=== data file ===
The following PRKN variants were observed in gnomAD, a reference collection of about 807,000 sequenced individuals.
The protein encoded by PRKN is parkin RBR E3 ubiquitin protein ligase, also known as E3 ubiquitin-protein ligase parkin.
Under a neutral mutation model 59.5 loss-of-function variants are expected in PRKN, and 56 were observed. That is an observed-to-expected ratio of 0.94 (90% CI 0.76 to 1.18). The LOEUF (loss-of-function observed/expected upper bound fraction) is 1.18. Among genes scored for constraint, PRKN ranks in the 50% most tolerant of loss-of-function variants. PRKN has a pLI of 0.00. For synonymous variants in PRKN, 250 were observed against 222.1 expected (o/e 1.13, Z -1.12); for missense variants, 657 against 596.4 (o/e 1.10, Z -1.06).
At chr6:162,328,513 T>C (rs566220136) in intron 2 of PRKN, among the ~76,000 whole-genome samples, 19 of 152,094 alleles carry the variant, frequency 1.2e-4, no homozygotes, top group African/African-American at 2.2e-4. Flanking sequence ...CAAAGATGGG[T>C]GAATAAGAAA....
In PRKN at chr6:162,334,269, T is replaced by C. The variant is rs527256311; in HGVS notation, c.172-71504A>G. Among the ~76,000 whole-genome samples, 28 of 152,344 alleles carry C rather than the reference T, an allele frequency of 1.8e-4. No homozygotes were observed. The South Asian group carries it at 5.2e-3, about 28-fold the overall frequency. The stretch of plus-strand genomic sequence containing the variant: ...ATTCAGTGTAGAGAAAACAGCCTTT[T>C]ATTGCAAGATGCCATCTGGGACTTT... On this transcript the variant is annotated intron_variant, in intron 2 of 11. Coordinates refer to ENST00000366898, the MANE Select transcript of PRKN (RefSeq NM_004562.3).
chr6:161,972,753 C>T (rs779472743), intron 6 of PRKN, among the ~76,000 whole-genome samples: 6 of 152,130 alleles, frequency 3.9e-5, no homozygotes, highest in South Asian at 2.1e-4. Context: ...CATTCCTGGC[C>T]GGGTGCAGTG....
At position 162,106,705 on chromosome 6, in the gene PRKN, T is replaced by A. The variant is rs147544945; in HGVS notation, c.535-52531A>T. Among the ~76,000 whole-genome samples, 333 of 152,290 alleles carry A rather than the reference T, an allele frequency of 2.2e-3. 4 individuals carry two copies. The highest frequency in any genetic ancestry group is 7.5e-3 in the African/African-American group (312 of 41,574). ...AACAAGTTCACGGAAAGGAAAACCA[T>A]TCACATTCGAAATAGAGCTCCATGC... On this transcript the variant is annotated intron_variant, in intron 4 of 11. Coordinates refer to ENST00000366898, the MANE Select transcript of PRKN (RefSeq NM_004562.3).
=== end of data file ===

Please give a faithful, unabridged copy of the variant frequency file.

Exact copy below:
The following PRKN variants were observed in gnomAD, a reference collection of about 807,000 sequenced individuals.
The protein encoded by PRKN is parkin RBR E3 ubiquitin protein ligase, also known as E3 ubiquitin-protein ligase parkin.
Under a neutral mutation model 59.5 loss-of-function variants are expected in PRKN, and 56 were observed. That is an observed-to-expected ratio of 0.94 (90% CI 0.76 to 1.18). The LOEUF (loss-of-function observed/expected upper bound fraction) is 1.18. Among genes scored for constraint, PRKN ranks in the 50% most tolerant of loss-of-function variants. PRKN has a pLI of 0.00. For synonymous variants in PRKN, 250 were observed against 222.1 expected (o/e 1.13, Z -1.12); for missense variants, 657 against 596.4 (o/e 1.10, Z -1.06).
At chr6:162,328,513 T>C (rs566220136) in intron 2 of PRKN, among the ~76,000 whole-genome samples, 19 of 152,094 alleles carry the variant, frequency 1.2e-4, no homozygotes, top group African/African-American at 2.2e-4. Flanking sequence ...CAAAGATGGG[T>C]GAATAAGAAA....
In PRKN at chr6:162,334,269, T is replaced by C. The variant is rs527256311; in HGVS notation, c.172-71504A>G. Among the ~76,000 whole-genome samples, 28 of 152,344 alleles carry C rather than the reference T, an allele frequency of 1.8e-4. No homozygotes were observed. The South Asian group carries it at 5.2e-3, about 28-fold the overall frequency. The stretch of plus-strand genomic sequence containing the variant: ...ATTCAGTGTAGAGAAAACAGCCTTT[T>C]ATTGCAAGATGCCATCTGGGACTTT... On this transcript the variant is annotated intron_variant, in intron 2 of 11. Coordinates refer to ENST00000366898, the MANE Select transcript of PRKN (RefSeq NM_004562.3).
chr6:161,972,753 C>T (rs779472743), intron 6 of PRKN, among the ~76,000 whole-genome samples: 6 of 152,130 alleles, frequency 3.9e-5, no homozygotes, highest in South Asian at 2.1e-4. Context: ...CATTCCTGGC[C>T]GGGTGCAGTG....
At position 162,106,705 on chromosome 6, in the gene PRKN, T is replaced by A. The variant is rs147544945; in HGVS notation, c.535-52531A>T. Among the ~76,000 whole-genome samples, 333 of 152,290 alleles carry A rather than the reference T, an allele frequency of 2.2e-3. 4 individuals carry two copies. The highest frequency in any genetic ancestry group is 7.5e-3 in the African/African-American group (312 of 41,574). ...AACAAGTTCACGGAAAGGAAAACCA[T>A]TCACATTCGAAATAGAGCTCCATGC... On this transcript the variant is annotated intron_variant, in intron 4 of 11. Coordinates refer to ENST00000366898, the MANE Select transcript of PRKN (RefSeq NM_004562.3).